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We do coffee and sometimes toast muffins in the am inside, dinners we cook over charcoal and the Coleman stove unless it's raining, then it's the charcoal and the inside stove. While we've never used 3 burners, that's what the boss wanted so that's what we have. We did drop the oven for this trailer, never used it in the previous one.

Can't tell where you live but is it worth it to you to replace the counter top and install a 2 burner instead of the 3? Don't know if I's want to forego one all together.
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Old 08-04-2014, 07:52 PM   #7
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I gave up hauling stoves, lanterns, dish pans, etc. when I moved from a tent to a FTC trailer and that was more than 12 years ago when I bought my Scamp. I do understand folks that cook outside. More for the comraderie around the picnic table than anything. I just find it amusing folks are concerned about weight then carry 2x the stuff. Really? And no, odors don't linger. I have windows I can open and a power fan I can turn on... and that's why I have a stove vent! You cook in the kitchen of your sticks 'n bricks home don't you? There's more "fabric, etc." there that MAY hold odors than the upholstery/blinds in a TT. However, the counterspace in a 21' and new 5er is so much bigger than most models. If I had a small counter, THAT may be the reason to cook/prepare outside then worrying about "smells."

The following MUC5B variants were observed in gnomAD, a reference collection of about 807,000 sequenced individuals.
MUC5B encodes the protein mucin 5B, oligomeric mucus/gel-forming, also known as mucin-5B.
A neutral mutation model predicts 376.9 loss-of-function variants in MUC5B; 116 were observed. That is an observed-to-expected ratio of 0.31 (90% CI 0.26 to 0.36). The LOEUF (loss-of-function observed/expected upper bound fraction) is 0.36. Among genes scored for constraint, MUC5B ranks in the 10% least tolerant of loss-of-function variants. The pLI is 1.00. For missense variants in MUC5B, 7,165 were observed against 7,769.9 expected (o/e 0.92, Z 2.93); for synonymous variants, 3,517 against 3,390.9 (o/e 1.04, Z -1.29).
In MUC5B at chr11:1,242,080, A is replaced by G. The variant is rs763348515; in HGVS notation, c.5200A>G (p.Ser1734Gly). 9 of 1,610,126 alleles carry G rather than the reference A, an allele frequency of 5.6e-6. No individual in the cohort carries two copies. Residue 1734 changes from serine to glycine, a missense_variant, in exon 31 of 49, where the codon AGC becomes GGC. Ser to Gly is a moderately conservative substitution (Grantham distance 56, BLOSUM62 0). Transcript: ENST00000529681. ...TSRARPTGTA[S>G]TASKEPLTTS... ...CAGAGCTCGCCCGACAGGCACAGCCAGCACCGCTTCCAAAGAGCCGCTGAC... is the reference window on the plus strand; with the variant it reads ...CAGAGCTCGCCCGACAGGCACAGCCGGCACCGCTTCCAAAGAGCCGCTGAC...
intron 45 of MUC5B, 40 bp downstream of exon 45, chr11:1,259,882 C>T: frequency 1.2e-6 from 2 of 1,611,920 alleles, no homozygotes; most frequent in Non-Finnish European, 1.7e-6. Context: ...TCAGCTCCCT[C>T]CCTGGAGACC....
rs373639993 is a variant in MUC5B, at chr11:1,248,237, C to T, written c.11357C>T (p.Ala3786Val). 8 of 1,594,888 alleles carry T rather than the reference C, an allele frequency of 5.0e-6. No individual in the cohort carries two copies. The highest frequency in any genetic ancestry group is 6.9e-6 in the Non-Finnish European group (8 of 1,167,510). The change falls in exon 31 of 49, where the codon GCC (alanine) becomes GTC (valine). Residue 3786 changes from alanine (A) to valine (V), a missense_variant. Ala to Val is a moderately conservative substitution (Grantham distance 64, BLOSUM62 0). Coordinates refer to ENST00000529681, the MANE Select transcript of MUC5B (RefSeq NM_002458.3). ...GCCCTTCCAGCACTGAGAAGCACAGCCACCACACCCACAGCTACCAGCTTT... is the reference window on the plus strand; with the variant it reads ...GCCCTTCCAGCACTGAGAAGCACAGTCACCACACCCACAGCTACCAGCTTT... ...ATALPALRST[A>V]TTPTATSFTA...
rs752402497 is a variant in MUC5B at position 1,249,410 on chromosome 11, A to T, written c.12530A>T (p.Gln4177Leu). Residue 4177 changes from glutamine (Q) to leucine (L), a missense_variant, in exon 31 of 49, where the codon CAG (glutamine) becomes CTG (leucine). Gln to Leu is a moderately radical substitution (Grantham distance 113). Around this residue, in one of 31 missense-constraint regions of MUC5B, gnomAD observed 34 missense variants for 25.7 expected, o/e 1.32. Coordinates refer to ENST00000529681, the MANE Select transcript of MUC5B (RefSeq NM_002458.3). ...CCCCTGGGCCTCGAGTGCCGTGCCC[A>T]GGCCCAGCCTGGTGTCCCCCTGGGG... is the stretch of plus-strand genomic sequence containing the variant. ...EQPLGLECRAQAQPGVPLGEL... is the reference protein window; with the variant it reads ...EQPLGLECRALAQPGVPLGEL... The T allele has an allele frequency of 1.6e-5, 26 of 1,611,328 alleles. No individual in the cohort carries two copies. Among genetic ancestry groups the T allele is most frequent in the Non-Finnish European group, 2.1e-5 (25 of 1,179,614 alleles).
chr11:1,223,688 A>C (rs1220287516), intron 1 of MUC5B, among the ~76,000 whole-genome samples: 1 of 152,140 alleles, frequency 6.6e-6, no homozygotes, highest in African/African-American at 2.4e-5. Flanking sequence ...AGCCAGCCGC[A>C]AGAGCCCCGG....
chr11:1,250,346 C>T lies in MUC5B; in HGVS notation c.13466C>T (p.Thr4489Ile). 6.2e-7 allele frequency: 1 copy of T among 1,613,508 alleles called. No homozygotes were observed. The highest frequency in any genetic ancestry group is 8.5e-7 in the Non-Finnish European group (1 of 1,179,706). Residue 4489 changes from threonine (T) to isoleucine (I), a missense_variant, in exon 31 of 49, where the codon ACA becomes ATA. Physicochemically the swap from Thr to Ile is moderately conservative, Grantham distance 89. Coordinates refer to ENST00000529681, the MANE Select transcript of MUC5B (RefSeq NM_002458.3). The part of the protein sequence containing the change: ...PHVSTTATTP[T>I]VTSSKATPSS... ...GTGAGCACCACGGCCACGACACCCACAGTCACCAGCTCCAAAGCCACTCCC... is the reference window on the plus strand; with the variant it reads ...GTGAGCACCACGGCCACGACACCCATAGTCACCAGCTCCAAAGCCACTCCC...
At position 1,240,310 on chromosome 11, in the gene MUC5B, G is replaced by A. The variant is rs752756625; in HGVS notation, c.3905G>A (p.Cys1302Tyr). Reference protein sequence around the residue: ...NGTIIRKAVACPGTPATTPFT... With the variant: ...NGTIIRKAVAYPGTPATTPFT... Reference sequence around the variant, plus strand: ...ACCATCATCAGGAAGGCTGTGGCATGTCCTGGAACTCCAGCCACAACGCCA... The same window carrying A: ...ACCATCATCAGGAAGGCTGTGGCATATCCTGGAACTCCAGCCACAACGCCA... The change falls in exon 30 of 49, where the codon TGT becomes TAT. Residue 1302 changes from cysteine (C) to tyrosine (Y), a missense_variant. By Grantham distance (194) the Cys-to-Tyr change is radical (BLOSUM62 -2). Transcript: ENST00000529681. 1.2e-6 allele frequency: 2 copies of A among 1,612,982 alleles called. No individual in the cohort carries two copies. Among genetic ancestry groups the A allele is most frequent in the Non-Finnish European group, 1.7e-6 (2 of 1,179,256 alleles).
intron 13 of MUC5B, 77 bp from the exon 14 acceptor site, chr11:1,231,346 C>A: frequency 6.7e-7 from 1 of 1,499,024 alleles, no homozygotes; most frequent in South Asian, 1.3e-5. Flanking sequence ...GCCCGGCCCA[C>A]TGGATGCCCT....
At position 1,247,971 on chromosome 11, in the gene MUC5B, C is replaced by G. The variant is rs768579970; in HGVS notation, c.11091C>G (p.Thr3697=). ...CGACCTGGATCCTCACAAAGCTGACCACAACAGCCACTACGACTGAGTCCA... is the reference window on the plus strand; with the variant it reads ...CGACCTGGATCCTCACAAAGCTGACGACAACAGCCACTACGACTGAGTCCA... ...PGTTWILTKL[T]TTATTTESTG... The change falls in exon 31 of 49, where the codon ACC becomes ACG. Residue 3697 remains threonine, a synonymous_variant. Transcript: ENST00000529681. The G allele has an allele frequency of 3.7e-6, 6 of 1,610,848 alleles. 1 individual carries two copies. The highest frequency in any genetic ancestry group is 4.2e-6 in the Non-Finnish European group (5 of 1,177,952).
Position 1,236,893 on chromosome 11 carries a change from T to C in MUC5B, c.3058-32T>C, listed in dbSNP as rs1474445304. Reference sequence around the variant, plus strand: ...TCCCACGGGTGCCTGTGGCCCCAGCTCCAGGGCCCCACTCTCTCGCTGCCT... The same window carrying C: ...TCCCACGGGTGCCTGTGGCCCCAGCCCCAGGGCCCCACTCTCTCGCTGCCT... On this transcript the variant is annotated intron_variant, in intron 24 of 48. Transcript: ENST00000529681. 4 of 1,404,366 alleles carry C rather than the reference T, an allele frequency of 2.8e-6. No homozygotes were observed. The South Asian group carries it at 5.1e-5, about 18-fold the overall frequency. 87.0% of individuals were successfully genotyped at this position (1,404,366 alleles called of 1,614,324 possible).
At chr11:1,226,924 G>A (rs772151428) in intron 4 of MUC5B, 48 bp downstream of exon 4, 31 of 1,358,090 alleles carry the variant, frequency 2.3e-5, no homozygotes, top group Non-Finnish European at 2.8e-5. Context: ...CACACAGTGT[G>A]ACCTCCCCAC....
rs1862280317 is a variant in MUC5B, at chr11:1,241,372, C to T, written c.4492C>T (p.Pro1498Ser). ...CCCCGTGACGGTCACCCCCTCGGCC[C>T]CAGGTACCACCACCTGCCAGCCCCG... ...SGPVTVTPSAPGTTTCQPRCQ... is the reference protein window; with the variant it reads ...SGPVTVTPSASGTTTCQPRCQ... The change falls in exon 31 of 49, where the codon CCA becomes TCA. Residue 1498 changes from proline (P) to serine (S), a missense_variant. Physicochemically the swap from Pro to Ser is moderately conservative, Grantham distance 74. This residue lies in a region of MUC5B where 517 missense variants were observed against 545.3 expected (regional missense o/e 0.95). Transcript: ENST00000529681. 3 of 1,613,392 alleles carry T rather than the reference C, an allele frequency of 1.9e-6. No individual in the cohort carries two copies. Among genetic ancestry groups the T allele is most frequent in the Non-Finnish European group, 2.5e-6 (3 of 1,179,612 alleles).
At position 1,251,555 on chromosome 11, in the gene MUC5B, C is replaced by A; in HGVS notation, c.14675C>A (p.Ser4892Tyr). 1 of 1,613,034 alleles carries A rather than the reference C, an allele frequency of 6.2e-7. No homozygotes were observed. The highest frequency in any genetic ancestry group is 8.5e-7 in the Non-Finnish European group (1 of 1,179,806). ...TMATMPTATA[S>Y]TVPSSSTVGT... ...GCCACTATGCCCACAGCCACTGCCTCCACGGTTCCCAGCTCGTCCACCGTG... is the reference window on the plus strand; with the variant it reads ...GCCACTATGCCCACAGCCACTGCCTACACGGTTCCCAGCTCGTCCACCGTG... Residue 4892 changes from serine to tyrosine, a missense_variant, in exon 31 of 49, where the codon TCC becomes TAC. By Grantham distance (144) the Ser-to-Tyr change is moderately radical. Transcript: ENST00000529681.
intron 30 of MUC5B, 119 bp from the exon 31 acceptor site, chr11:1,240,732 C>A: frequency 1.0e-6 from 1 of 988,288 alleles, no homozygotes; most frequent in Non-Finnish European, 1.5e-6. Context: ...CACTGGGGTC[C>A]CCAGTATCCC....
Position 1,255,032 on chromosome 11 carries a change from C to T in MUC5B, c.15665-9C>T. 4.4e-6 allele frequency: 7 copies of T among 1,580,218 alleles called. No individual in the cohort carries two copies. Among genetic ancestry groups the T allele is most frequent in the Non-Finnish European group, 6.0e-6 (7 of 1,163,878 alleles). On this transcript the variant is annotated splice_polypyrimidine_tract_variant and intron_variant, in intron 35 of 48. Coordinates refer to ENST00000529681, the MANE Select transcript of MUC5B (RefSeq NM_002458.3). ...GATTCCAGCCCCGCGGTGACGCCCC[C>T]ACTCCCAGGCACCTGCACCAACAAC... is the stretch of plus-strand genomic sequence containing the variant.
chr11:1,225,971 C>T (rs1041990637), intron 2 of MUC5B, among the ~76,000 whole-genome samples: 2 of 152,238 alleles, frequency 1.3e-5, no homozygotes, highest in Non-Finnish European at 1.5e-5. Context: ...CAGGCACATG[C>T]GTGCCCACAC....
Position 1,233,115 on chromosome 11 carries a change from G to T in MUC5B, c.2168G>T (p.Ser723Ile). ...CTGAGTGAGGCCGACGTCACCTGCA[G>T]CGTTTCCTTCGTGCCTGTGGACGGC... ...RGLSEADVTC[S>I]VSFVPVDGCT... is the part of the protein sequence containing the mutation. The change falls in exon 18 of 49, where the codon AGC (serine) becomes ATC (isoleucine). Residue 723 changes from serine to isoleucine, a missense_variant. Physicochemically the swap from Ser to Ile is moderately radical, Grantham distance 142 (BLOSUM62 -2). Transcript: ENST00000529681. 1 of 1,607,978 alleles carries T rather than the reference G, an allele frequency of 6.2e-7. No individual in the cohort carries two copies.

Have you ever been in a huge, cold, rain storm and someone decides to bake chocolate chip cookies? Even in a trailer. NIRVANA.

YMMV
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Old 08-04-2014, 08:04 PM   #8
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We cooked inside our trailer, we cooked outside, we used the bathroom, we used the shower.
Sometimes the windows were open other times they were closed same with vents. If we cooked something inside we used the range hood exhaust. I think the only thing on our trailer that we didn't use was the outside shower. Smelling something good cooking on the stove on a cold day is a good thing where I come from.
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Old 08-04-2014, 08:04 PM   #9